What is Continuing Tutorship?
A continuing tutorship allows you to continue the parent-child relationship after your child reaches the age of majority. Simply put, your child would continue to be treated as a minor for most purposes. “Tutorship” is the Louisiana term for guardianship. Parents are the natural tutors of their children until a child reaches the age of majority (18 years old). A continuing tutorship allows the parent to continue to serve as a guardian of their child’s interests after the age of majority.
How is Continuing Tutorship Different from Interdiction?
First of all, the procedure is much simpler. While an interdiction requires a contested hearing and legal representation of all parties, a continuing tutorship will be granted virtually automatically. It is a relatively routine procedure and can be “walked through” the judge’s office without requiring an appearance in court. This translates to much lower legal expenses.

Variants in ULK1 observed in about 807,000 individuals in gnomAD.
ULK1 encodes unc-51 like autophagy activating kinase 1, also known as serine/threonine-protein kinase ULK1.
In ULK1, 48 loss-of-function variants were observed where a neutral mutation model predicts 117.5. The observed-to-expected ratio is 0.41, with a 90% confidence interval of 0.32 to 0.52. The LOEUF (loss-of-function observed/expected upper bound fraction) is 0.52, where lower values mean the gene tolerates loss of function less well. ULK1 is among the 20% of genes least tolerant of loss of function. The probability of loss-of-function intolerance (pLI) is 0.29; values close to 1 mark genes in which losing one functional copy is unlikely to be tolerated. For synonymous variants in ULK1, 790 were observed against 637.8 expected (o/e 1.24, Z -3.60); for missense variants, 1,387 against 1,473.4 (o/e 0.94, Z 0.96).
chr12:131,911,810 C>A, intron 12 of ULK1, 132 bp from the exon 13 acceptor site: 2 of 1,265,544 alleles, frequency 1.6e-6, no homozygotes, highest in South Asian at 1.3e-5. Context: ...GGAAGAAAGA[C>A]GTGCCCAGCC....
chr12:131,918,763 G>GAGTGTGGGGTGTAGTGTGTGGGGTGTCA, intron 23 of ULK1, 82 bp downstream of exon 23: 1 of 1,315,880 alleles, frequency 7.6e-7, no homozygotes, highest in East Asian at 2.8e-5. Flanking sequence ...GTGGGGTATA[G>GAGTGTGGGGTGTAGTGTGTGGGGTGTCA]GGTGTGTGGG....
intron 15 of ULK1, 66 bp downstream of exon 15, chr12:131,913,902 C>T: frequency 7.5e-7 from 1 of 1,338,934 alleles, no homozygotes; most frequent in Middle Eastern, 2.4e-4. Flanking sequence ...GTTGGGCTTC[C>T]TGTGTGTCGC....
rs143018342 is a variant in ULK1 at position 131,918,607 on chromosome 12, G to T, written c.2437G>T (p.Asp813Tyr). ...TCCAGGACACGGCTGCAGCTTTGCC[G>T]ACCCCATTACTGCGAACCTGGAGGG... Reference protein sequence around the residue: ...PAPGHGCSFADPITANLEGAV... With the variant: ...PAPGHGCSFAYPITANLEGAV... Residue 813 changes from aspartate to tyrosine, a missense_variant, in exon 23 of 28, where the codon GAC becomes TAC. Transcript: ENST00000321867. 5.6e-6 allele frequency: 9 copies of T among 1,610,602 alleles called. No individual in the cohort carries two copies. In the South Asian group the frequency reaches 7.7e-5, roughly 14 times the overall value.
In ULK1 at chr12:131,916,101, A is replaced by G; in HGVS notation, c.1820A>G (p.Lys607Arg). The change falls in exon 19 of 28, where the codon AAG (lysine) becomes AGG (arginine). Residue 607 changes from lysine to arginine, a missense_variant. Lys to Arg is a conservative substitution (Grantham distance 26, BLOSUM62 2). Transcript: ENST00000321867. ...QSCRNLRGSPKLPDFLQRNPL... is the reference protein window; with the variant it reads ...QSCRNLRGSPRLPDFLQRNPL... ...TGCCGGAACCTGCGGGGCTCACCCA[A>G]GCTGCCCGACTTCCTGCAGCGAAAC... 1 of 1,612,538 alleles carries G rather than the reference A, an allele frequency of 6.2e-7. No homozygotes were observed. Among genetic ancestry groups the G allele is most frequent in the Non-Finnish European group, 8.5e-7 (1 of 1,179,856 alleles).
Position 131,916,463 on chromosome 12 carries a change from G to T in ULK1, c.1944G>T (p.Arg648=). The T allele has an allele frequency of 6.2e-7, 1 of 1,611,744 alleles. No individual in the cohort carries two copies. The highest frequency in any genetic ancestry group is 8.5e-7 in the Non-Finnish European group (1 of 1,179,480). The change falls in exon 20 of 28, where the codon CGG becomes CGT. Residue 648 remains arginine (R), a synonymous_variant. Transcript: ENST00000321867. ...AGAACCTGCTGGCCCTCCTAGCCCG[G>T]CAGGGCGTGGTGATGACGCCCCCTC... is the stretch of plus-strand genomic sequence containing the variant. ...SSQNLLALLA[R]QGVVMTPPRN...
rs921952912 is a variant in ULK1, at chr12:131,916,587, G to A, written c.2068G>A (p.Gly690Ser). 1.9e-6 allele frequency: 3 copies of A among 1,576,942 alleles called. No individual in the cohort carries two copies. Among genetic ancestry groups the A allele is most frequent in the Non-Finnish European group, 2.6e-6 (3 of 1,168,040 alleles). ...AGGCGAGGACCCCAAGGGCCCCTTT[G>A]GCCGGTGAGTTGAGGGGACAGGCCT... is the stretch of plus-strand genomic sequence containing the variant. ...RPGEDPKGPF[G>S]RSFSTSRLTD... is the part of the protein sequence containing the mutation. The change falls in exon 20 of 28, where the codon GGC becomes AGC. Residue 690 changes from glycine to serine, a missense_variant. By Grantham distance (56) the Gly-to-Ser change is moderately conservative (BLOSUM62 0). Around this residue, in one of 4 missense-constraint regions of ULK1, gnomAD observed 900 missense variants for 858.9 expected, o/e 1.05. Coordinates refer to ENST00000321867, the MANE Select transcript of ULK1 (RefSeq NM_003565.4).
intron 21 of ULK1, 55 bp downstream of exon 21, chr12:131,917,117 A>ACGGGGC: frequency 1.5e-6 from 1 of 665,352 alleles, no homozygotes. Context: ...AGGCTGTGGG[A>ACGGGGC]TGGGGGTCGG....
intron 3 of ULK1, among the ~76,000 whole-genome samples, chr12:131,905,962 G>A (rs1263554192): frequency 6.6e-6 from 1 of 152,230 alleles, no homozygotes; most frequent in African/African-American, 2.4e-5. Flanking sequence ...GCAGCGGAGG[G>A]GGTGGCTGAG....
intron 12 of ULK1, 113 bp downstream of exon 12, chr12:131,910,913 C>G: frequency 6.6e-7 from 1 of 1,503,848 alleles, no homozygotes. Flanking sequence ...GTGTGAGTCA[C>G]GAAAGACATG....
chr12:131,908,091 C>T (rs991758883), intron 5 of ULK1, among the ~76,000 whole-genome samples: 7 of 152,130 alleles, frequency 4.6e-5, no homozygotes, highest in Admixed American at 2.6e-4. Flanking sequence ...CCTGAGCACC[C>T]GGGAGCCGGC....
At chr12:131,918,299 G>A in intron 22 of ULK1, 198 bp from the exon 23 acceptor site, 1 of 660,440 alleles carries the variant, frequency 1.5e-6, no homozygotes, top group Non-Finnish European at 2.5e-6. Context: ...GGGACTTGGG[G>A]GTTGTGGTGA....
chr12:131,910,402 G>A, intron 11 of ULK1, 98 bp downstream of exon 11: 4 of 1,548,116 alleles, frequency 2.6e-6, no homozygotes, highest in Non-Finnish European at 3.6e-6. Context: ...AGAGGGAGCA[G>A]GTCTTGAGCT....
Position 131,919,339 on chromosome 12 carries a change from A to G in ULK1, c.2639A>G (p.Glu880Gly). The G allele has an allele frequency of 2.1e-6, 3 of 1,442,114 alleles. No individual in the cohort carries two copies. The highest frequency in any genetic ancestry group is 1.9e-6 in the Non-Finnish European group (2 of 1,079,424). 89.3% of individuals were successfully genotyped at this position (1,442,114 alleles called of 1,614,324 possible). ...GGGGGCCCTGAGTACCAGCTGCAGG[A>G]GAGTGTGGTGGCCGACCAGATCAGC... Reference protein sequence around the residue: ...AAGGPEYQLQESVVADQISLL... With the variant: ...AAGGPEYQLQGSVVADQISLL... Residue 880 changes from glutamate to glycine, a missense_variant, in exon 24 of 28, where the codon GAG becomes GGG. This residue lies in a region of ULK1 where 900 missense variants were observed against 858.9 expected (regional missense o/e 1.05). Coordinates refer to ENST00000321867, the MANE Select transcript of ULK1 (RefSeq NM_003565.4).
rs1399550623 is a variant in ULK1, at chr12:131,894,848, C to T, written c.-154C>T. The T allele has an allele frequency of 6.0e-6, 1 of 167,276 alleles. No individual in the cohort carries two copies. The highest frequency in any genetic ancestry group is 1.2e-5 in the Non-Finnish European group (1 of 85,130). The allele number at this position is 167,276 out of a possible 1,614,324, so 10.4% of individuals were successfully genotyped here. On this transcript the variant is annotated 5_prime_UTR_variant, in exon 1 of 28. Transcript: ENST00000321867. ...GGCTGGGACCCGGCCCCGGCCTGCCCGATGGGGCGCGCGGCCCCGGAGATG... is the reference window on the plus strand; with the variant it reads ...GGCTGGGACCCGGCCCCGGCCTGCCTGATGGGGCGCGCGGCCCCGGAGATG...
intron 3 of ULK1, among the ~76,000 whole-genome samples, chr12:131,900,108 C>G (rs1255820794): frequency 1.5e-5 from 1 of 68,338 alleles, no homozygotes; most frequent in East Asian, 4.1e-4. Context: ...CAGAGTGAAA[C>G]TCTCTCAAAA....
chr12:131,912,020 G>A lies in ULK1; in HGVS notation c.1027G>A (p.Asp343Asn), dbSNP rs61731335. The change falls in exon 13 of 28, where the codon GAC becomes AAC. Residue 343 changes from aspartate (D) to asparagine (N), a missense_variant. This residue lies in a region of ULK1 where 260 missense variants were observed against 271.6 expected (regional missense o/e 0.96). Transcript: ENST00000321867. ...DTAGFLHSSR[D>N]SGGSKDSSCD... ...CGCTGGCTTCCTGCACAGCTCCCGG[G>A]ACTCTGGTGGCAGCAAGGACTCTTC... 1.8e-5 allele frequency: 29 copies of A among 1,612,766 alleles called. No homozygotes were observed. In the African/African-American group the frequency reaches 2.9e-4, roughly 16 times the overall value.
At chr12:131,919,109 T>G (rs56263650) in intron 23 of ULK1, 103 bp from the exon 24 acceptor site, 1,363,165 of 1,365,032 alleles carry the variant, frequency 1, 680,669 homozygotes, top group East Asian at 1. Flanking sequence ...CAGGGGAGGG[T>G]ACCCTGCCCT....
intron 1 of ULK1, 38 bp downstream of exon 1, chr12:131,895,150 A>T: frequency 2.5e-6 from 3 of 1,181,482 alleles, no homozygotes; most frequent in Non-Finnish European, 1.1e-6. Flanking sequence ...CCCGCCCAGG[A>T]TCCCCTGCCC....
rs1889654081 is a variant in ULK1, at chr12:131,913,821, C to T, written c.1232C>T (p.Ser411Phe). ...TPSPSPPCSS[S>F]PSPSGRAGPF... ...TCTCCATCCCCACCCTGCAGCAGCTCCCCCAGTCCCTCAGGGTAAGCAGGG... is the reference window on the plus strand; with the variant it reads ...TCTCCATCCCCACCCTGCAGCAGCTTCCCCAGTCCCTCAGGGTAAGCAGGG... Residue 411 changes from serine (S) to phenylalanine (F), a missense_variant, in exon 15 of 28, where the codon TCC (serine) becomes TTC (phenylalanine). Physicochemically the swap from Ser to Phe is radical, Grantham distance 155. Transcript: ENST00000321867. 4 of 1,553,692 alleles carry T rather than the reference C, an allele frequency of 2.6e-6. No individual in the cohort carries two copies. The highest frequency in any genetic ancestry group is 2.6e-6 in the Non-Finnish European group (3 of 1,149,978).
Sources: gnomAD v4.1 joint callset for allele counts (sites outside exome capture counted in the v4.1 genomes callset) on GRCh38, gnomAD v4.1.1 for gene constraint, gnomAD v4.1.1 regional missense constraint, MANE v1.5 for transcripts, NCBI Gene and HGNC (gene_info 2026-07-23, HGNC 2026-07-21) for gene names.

The legal effect is also very different. An interdiction can completely eliminate a person’s civil powers and has been called a “civil death” by the courts. The result of a continuing tutorship is that the subject is treated as a minor and still has many legal rights and powers.
Do We Qualify for Continuing Tutorship?
Continuing tutorship is only available when the child has an intellectual disability such that they possess “less than two-thirds of the intellectual functioning of a person of the same age with average intellectual functioning” as shown by a standardized IQ test. That is, the child’s standardized test score must show an IQ less than 67.
When Do I Need to File?
Continuing tutorship can only begin once the child is 15 years old. There is then a limited window of time available for the process because once the child turns 18, it is too late. At that point, the more involved and costly interdiction procedures must be used.